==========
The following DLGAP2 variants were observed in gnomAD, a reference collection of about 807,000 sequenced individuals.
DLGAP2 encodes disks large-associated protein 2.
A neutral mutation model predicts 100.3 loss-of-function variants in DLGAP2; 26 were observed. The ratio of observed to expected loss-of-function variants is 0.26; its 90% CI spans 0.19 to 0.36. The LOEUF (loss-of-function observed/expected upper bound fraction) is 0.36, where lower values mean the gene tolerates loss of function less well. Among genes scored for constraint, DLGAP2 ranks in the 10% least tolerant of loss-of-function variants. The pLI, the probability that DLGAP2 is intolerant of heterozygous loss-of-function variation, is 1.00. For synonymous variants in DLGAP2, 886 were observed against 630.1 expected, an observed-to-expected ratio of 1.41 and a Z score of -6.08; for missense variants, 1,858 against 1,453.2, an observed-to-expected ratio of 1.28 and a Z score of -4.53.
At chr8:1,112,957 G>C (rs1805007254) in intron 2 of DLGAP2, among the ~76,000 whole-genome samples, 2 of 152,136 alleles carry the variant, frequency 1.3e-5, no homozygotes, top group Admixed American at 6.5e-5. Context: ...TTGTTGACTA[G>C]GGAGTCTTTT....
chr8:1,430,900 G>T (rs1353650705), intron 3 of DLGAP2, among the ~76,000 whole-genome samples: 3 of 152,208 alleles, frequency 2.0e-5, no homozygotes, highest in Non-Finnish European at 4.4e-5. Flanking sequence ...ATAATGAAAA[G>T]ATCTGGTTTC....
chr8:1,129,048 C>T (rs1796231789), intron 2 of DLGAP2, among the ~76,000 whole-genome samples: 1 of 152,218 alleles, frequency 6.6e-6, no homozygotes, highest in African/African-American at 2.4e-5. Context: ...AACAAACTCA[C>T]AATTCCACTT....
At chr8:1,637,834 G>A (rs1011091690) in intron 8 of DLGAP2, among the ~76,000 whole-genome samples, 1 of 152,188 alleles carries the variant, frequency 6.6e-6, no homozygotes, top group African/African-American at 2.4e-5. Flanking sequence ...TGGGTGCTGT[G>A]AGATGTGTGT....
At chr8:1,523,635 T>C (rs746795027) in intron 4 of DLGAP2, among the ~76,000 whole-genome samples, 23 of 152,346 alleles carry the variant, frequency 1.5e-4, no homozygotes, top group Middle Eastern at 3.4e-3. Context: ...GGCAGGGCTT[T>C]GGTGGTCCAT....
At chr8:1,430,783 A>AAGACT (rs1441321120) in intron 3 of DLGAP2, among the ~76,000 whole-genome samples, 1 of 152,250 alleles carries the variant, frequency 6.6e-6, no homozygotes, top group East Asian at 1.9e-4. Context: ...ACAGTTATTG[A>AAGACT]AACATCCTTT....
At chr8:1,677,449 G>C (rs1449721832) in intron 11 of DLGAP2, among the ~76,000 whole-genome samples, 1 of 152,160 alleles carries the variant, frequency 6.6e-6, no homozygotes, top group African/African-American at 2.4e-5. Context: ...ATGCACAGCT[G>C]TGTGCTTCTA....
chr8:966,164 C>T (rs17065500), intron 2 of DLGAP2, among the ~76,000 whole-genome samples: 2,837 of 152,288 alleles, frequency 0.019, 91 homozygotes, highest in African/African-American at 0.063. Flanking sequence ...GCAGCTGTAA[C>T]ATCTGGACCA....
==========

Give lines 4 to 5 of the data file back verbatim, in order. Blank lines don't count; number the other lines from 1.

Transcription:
At chr8:1,112,957 G>C (rs1805007254) in intron 2 of DLGAP2, among the ~76,000 whole-genome samples, 2 of 152,136 alleles carry the variant, frequency 1.3e-5, no homozygotes, top group Admixed American at 6.5e-5. Context: ...TTGTTGACTA[G>C]GGAGTCTTTT....
chr8:1,430,900 G>T (rs1353650705), intron 3 of DLGAP2, among the ~76,000 whole-genome samples: 3 of 152,208 alleles, frequency 2.0e-5, no homozygotes, highest in Non-Finnish European at 4.4e-5. Flanking sequence ...ATAATGAAAA[G>T]ATCTGGTTTC....